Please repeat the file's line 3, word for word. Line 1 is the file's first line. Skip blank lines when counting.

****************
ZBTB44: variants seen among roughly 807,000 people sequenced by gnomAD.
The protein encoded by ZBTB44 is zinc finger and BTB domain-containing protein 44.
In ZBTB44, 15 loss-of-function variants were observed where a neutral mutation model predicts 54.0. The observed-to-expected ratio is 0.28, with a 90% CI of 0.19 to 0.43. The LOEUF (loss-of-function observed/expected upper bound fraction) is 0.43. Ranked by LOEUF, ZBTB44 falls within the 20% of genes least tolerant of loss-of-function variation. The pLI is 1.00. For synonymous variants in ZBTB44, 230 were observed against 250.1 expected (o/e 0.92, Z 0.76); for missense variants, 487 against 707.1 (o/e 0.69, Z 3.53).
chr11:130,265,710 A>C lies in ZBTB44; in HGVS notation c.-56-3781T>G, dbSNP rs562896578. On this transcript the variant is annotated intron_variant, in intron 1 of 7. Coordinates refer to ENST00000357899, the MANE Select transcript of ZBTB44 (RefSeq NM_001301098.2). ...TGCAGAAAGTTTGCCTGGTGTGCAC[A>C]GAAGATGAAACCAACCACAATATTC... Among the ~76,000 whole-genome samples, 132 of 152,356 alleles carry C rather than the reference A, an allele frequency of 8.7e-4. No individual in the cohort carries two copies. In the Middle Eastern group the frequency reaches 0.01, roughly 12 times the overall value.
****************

In ZBTB44, 15 loss-of-function variants were observed where a neutral mutation model predicts 54.0. The observed-to-expected ratio is 0.28, with a 90% CI of 0.19 to 0.43. The LOEUF (loss-of-function observed/expected upper bound fraction) is 0.43. Ranked by LOEUF, ZBTB44 falls within the 20% of genes least tolerant of loss-of-function variation. The pLI is 1.00. For synonymous variants in ZBTB44, 230 were observed against 250.1 expected (o/e 0.92, Z 0.76); for missense variants, 487 against 707.1 (o/e 0.69, Z 3.53).